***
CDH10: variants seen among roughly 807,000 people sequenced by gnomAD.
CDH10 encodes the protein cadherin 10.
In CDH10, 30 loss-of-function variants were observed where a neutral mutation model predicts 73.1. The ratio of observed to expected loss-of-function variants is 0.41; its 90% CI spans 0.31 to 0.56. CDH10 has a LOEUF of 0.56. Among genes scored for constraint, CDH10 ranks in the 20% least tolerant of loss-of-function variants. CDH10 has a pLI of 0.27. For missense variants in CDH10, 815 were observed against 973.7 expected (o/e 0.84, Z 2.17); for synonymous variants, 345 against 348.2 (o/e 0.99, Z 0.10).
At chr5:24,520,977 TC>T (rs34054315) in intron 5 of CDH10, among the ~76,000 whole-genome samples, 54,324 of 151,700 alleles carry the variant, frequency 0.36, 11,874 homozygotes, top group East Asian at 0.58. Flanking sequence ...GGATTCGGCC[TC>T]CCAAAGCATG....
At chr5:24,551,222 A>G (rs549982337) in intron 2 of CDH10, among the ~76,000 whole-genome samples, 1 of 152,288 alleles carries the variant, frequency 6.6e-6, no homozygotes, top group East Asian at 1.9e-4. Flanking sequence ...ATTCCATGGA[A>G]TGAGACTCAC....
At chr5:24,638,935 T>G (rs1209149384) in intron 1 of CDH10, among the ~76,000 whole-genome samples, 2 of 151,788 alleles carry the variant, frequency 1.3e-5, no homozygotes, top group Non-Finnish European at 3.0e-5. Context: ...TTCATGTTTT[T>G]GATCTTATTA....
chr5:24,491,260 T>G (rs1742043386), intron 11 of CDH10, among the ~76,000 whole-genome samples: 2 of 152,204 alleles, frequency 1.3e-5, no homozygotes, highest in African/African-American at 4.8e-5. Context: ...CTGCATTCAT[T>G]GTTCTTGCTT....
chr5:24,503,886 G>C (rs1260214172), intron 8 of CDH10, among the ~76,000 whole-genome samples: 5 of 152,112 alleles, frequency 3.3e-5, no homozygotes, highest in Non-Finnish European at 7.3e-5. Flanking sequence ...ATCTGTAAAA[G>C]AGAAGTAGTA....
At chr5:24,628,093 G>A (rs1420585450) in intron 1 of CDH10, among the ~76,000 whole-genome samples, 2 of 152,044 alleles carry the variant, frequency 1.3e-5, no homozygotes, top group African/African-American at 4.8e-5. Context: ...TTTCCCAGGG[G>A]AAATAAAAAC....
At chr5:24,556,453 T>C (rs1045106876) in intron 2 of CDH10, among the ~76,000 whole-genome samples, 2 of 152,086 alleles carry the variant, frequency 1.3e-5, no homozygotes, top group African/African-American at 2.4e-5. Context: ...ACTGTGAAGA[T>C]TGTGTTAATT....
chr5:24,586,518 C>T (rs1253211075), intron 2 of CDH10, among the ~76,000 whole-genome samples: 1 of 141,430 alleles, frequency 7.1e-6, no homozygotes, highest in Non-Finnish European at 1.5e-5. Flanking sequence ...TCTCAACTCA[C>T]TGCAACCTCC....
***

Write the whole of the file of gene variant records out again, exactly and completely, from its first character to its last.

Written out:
CDH10: variants seen among roughly 807,000 people sequenced by gnomAD.
CDH10 encodes the protein cadherin 10.
In CDH10, 30 loss-of-function variants were observed where a neutral mutation model predicts 73.1. The ratio of observed to expected loss-of-function variants is 0.41; its 90% CI spans 0.31 to 0.56. CDH10 has a LOEUF of 0.56. Among genes scored for constraint, CDH10 ranks in the 20% least tolerant of loss-of-function variants. CDH10 has a pLI of 0.27. For missense variants in CDH10, 815 were observed against 973.7 expected (o/e 0.84, Z 2.17); for synonymous variants, 345 against 348.2 (o/e 0.99, Z 0.10).
At chr5:24,520,977 TC>T (rs34054315) in intron 5 of CDH10, among the ~76,000 whole-genome samples, 54,324 of 151,700 alleles carry the variant, frequency 0.36, 11,874 homozygotes, top group East Asian at 0.58. Flanking sequence ...GGATTCGGCC[TC>T]CCAAAGCATG....
At chr5:24,551,222 A>G (rs549982337) in intron 2 of CDH10, among the ~76,000 whole-genome samples, 1 of 152,288 alleles carries the variant, frequency 6.6e-6, no homozygotes, top group East Asian at 1.9e-4. Flanking sequence ...ATTCCATGGA[A>G]TGAGACTCAC....
At chr5:24,638,935 T>G (rs1209149384) in intron 1 of CDH10, among the ~76,000 whole-genome samples, 2 of 151,788 alleles carry the variant, frequency 1.3e-5, no homozygotes, top group Non-Finnish European at 3.0e-5. Context: ...TTCATGTTTT[T>G]GATCTTATTA....
chr5:24,491,260 T>G (rs1742043386), intron 11 of CDH10, among the ~76,000 whole-genome samples: 2 of 152,204 alleles, frequency 1.3e-5, no homozygotes, highest in African/African-American at 4.8e-5. Context: ...CTGCATTCAT[T>G]GTTCTTGCTT....
chr5:24,503,886 G>C (rs1260214172), intron 8 of CDH10, among the ~76,000 whole-genome samples: 5 of 152,112 alleles, frequency 3.3e-5, no homozygotes, highest in Non-Finnish European at 7.3e-5. Flanking sequence ...ATCTGTAAAA[G>C]AGAAGTAGTA....
At chr5:24,628,093 G>A (rs1420585450) in intron 1 of CDH10, among the ~76,000 whole-genome samples, 2 of 152,044 alleles carry the variant, frequency 1.3e-5, no homozygotes, top group African/African-American at 4.8e-5. Context: ...TTTCCCAGGG[G>A]AAATAAAAAC....
At chr5:24,556,453 T>C (rs1045106876) in intron 2 of CDH10, among the ~76,000 whole-genome samples, 2 of 152,086 alleles carry the variant, frequency 1.3e-5, no homozygotes, top group African/African-American at 2.4e-5. Context: ...ACTGTGAAGA[T>C]TGTGTTAATT....
chr5:24,586,518 C>T (rs1253211075), intron 2 of CDH10, among the ~76,000 whole-genome samples: 1 of 141,430 alleles, frequency 7.1e-6, no homozygotes, highest in Non-Finnish European at 1.5e-5. Flanking sequence ...TCTCAACTCA[C>T]TGCAACCTCC....